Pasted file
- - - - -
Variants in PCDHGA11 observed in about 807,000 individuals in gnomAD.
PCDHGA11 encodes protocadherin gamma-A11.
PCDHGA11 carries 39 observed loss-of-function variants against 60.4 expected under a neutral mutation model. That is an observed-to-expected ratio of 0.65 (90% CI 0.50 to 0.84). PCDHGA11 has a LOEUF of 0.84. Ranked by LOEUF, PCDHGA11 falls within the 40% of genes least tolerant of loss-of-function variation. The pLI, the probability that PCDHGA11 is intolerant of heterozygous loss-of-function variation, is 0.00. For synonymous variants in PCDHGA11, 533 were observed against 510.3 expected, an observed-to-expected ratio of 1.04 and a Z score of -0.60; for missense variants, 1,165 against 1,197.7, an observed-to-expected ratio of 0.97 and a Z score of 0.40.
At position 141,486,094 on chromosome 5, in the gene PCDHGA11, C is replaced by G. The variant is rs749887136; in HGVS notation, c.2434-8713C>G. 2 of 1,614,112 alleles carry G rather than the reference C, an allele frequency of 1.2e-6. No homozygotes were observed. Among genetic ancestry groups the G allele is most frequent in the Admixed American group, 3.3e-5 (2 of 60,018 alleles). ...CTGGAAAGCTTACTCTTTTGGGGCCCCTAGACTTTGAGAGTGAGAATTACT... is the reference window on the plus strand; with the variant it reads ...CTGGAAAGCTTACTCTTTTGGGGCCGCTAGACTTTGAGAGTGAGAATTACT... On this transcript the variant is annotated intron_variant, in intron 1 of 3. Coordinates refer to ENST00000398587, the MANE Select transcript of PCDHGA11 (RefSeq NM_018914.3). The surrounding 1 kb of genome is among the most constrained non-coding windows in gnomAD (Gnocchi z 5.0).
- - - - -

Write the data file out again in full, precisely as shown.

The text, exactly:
Variants in PCDHGA11 observed in about 807,000 individuals in gnomAD.
PCDHGA11 encodes protocadherin gamma-A11.
PCDHGA11 carries 39 observed loss-of-function variants against 60.4 expected under a neutral mutation model. That is an observed-to-expected ratio of 0.65 (90% CI 0.50 to 0.84). PCDHGA11 has a LOEUF of 0.84. Ranked by LOEUF, PCDHGA11 falls within the 40% of genes least tolerant of loss-of-function variation. The pLI, the probability that PCDHGA11 is intolerant of heterozygous loss-of-function variation, is 0.00. For synonymous variants in PCDHGA11, 533 were observed against 510.3 expected, an observed-to-expected ratio of 1.04 and a Z score of -0.60; for missense variants, 1,165 against 1,197.7, an observed-to-expected ratio of 0.97 and a Z score of 0.40.
At position 141,486,094 on chromosome 5, in the gene PCDHGA11, C is replaced by G. The variant is rs749887136; in HGVS notation, c.2434-8713C>G. 2 of 1,614,112 alleles carry G rather than the reference C, an allele frequency of 1.2e-6. No homozygotes were observed. Among genetic ancestry groups the G allele is most frequent in the Admixed American group, 3.3e-5 (2 of 60,018 alleles). ...CTGGAAAGCTTACTCTTTTGGGGCCCCTAGACTTTGAGAGTGAGAATTACT... is the reference window on the plus strand; with the variant it reads ...CTGGAAAGCTTACTCTTTTGGGGCCGCTAGACTTTGAGAGTGAGAATTACT... On this transcript the variant is annotated intron_variant, in intron 1 of 3. Coordinates refer to ENST00000398587, the MANE Select transcript of PCDHGA11 (RefSeq NM_018914.3). The surrounding 1 kb of genome is among the most constrained non-coding windows in gnomAD (Gnocchi z 5.0).